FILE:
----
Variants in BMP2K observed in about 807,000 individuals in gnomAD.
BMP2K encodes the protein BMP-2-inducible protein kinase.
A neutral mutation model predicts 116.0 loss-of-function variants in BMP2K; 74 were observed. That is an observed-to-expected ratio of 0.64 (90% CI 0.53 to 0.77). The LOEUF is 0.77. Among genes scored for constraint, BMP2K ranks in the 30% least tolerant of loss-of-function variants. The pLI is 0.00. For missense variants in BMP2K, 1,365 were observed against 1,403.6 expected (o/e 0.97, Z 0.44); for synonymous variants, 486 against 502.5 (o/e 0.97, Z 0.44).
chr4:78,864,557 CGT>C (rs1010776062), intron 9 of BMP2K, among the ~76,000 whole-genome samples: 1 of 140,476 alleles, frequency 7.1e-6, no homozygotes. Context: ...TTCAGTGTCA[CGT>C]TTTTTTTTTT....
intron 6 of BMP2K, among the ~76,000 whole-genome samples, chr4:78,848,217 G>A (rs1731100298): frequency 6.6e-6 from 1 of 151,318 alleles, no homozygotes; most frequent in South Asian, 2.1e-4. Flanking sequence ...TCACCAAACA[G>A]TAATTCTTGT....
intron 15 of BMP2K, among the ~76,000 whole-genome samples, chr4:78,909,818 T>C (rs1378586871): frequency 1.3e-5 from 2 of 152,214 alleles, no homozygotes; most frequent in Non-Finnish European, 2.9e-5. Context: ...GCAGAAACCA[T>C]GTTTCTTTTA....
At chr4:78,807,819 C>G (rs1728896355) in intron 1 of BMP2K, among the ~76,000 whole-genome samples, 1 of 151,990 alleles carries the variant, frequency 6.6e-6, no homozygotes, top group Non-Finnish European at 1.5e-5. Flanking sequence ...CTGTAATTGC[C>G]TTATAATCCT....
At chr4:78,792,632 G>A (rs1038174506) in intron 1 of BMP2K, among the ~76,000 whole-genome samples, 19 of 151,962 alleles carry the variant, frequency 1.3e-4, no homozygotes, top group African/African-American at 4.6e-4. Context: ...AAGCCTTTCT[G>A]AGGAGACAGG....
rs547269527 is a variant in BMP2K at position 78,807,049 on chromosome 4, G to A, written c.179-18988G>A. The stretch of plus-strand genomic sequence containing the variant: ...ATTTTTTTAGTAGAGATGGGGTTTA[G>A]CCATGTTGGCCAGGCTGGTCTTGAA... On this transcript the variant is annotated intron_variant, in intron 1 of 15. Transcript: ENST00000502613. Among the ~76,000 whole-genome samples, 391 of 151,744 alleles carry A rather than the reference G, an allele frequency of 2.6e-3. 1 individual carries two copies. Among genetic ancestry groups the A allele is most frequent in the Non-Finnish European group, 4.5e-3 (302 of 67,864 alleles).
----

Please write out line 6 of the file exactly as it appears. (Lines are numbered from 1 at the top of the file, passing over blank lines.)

intron 15 of BMP2K, among the ~76,000 whole-genome samples, chr4:78,909,818 T>C (rs1378586871): frequency 1.3e-5 from 2 of 152,214 alleles, no homozygotes; most frequent in Non-Finnish European, 2.9e-5. Context: ...GCAGAAACCA[T>C]GTTTCTTTTA....